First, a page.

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Two Simple Options Strategies

Given where we are in the market cycle, there are two simple strategies you can use to protect your stock portfolio while simultaneously allowing for further gains. Normally options are associated with gambling or speculating, as they provide an excellent, albeit very dangerous, vehicle to do so. However, there is an excellent use of options for investors as well, and it may be something you should consider in the current environment.

There are two main types of options. A call option gives the buyer the right, but not the obligation to buy a stock or index at a certain price up until the expiration date, while a put option gives the buyer the right, but not the obligation, to sell a stock or index at a certain price up until the expiration date. The seller of both of these, on the other hand, collects a premium from the buyer. If the buyer does not exercise the option, this is essentially free money. However, if the buyer exercises the options, the seller is now obligated to make good.

Now let’s say you have a stock portfolio and you would like to be able to take some advantage of any future rises in the market, but you are worried a crash may be coming. You can buy what is called a “protective put,” which is a put option a slightly lower level than the markets currently are. If the option expires in two months, what this means is that you have bought an insurance policy to drastically limit your losses in the event the market crashes. If things keep going up, you throw the option away, keep making money on the rise, and your return is slightly diminished by the price of the option.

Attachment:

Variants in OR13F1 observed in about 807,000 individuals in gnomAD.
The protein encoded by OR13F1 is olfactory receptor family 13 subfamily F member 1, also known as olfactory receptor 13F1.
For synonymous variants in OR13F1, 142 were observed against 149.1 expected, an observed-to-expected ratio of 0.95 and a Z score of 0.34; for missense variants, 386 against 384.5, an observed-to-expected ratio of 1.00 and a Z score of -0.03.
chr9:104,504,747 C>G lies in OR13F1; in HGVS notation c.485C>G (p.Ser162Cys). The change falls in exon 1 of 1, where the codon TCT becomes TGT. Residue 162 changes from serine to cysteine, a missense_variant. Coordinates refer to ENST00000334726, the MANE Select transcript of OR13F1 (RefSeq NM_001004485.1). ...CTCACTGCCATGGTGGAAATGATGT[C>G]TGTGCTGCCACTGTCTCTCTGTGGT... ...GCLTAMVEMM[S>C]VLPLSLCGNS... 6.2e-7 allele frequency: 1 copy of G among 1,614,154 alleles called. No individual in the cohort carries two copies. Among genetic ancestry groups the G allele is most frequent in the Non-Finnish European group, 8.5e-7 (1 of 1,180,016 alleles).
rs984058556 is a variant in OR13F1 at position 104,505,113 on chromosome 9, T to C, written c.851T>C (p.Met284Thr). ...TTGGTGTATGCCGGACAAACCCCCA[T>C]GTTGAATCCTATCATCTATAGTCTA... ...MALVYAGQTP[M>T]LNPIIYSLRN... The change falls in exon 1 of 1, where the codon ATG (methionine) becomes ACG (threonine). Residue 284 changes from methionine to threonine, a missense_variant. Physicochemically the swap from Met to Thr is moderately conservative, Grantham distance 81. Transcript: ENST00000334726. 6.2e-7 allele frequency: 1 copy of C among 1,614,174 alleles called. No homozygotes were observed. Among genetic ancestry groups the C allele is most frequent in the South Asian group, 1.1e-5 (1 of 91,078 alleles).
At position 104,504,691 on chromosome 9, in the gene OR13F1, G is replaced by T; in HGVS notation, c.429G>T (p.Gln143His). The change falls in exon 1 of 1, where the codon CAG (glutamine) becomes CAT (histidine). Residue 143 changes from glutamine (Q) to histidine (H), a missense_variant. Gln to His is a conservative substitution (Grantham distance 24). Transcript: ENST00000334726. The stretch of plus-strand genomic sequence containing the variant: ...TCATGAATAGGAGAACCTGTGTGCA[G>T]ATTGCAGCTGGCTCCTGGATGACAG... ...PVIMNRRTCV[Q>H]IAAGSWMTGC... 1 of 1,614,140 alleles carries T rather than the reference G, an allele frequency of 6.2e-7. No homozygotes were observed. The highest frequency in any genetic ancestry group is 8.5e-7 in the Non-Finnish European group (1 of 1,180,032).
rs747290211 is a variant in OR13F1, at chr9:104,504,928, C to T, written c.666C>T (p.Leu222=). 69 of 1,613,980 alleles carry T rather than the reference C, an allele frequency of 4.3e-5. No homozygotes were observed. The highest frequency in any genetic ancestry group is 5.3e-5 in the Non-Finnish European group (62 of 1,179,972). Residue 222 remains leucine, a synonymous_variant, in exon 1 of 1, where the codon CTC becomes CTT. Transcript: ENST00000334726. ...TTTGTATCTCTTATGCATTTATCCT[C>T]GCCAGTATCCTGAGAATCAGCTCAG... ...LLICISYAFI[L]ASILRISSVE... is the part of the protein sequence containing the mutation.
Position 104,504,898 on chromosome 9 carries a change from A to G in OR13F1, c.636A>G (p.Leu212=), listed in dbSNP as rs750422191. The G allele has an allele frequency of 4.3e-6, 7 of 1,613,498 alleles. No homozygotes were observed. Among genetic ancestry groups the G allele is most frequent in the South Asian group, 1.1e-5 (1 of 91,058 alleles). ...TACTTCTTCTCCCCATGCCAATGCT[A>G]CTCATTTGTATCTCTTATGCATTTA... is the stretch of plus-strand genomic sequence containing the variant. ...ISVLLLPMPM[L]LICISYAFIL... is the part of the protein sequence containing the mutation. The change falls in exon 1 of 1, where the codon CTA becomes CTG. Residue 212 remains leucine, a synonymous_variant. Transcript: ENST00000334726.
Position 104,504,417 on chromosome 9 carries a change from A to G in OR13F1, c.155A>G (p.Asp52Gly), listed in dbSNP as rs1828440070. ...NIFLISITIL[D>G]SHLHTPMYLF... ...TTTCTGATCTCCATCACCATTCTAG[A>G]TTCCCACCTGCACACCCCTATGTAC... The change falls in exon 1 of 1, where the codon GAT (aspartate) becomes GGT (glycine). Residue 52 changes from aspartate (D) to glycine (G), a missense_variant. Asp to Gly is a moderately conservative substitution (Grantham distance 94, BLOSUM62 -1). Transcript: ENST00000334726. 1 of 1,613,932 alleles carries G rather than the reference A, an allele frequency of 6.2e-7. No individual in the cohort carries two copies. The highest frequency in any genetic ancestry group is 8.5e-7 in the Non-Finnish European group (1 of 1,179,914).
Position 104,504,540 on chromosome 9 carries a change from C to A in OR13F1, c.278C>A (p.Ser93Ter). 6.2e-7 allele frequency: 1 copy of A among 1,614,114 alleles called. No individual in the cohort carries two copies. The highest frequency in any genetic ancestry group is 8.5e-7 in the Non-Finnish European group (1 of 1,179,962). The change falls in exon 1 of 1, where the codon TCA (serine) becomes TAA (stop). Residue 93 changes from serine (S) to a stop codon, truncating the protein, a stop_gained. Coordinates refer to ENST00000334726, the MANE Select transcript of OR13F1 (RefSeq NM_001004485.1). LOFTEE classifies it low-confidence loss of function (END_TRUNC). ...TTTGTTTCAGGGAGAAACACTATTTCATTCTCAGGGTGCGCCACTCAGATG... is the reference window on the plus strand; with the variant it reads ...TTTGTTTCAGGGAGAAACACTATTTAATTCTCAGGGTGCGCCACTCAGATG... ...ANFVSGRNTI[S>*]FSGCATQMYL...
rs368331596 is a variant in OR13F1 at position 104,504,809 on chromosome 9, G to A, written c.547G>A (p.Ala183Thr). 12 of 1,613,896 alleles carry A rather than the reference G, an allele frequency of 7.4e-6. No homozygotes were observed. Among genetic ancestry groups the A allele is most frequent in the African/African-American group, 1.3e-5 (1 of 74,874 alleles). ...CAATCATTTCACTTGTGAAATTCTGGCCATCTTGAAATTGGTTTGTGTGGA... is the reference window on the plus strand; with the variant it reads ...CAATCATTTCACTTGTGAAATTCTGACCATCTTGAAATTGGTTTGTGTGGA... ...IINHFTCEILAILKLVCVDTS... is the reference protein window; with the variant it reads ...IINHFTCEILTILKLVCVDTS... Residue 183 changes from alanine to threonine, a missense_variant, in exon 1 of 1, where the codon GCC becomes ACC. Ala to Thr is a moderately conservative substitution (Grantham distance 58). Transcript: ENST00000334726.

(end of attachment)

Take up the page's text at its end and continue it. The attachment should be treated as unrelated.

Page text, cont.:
Another strategy is called a “covered call,” only this time you are selling an option that gives the buyer the right to buy. This means you will have the obligation to sell if the market rises, locking in a profit, and if the market falls you have received some extra cash to give you a bigger cushion prior to selling out on the downside. I personally would only use this if you already know you want to exit your position and go into cash, but would like to squeeze a little profit out of the investment.

Different factors will affect the price of the options you use to implement these strategies. The longer the time until expiration, the more you have to pay for the option. How far in or out of the money an option is will also determine its value. In the money means the exercise price already represents a profit based on current market levels. A call option with an exercise price of 10 when the underlying stock is trading at 11 would be “in the money” by one. If the stock was trading at 9 it would be “out of the money” by one.

The thing to remember about both strategies is that there is no such thing as free lunch. The cost of the premium of a protective put or the loss of upside potential in a covered call strategy reduce your overall return. The trade-off is that you are buying a reduction in risk while keeping the upside protection in the first strategy, or generating a little extra cash on a position you wish to exit in the second.

David Mayes MBA provides wealth management services to expatriates throughout Southeast Asia, focusing on UK Pension Transfers. He can be reached at david.m@faramond.com. Faramond UK is regulated by the FCA and provides advice on pensions and taxation.

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